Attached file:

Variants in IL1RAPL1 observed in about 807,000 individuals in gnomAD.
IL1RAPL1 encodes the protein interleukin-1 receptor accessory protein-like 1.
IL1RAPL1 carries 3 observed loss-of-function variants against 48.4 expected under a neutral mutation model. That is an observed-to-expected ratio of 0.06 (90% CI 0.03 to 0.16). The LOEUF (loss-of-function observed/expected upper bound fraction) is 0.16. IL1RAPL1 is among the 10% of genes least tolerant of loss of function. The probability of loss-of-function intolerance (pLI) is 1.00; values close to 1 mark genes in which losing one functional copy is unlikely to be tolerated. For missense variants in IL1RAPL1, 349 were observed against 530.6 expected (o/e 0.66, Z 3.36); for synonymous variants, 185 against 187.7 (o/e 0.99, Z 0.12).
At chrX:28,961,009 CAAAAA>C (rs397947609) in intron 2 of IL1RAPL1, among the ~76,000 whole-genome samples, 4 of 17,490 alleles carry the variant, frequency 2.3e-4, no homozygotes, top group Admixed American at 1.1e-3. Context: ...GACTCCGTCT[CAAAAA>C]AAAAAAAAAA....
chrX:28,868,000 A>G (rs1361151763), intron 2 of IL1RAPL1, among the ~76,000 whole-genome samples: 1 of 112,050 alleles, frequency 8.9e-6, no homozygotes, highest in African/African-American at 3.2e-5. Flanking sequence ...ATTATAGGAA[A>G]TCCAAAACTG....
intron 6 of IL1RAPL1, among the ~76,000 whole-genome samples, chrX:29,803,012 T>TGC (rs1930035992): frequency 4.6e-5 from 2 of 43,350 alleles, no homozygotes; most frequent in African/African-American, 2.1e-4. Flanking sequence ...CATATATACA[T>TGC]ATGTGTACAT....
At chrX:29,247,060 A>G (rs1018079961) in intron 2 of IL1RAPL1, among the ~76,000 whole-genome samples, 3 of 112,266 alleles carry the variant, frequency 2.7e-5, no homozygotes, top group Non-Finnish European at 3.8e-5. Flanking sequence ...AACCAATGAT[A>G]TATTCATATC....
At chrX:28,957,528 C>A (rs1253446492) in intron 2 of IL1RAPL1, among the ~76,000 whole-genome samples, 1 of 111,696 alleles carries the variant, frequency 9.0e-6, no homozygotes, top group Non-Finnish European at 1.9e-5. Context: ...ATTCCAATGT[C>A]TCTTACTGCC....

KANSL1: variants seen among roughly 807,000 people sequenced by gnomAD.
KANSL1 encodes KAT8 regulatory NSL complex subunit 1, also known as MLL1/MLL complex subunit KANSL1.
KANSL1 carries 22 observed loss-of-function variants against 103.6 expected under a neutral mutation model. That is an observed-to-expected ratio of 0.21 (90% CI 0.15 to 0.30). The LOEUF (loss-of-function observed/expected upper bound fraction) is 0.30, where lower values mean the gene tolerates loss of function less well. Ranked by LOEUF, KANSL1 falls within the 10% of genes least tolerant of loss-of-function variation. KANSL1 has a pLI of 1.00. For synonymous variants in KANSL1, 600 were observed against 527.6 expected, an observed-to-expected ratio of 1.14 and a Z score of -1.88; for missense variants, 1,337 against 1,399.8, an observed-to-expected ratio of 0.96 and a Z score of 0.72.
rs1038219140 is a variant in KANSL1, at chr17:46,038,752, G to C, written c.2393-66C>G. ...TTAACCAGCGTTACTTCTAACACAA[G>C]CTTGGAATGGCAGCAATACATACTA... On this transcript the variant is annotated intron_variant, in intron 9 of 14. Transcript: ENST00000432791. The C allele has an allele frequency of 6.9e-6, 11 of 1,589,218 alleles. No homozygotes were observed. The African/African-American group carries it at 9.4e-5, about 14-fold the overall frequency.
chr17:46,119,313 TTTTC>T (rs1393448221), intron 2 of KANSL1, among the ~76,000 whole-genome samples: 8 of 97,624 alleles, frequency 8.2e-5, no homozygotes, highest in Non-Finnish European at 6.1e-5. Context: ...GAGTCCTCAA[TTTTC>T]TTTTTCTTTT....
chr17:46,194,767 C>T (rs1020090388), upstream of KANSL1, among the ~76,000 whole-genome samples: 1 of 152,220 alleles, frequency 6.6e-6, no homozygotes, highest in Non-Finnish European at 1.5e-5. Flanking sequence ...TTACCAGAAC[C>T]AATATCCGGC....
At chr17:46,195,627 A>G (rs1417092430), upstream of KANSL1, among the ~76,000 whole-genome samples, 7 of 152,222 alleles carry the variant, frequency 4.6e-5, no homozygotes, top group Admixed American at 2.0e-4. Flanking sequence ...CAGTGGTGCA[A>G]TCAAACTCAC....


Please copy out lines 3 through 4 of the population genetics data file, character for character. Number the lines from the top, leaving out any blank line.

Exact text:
IL1RAPL1 carries 3 observed loss-of-function variants against 48.4 expected under a neutral mutation model. That is an observed-to-expected ratio of 0.06 (90% CI 0.03 to 0.16). The LOEUF (loss-of-function observed/expected upper bound fraction) is 0.16. IL1RAPL1 is among the 10% of genes least tolerant of loss of function. The probability of loss-of-function intolerance (pLI) is 1.00; values close to 1 mark genes in which losing one functional copy is unlikely to be tolerated. For missense variants in IL1RAPL1, 349 were observed against 530.6 expected (o/e 0.66, Z 3.36); for synonymous variants, 185 against 187.7 (o/e 0.99, Z 0.12).
At chrX:28,961,009 CAAAAA>C (rs397947609) in intron 2 of IL1RAPL1, among the ~76,000 whole-genome samples, 4 of 17,490 alleles carry the variant, frequency 2.3e-4, no homozygotes, top group Admixed American at 1.1e-3. Context: ...GACTCCGTCT[CAAAAA>C]AAAAAAAAAA....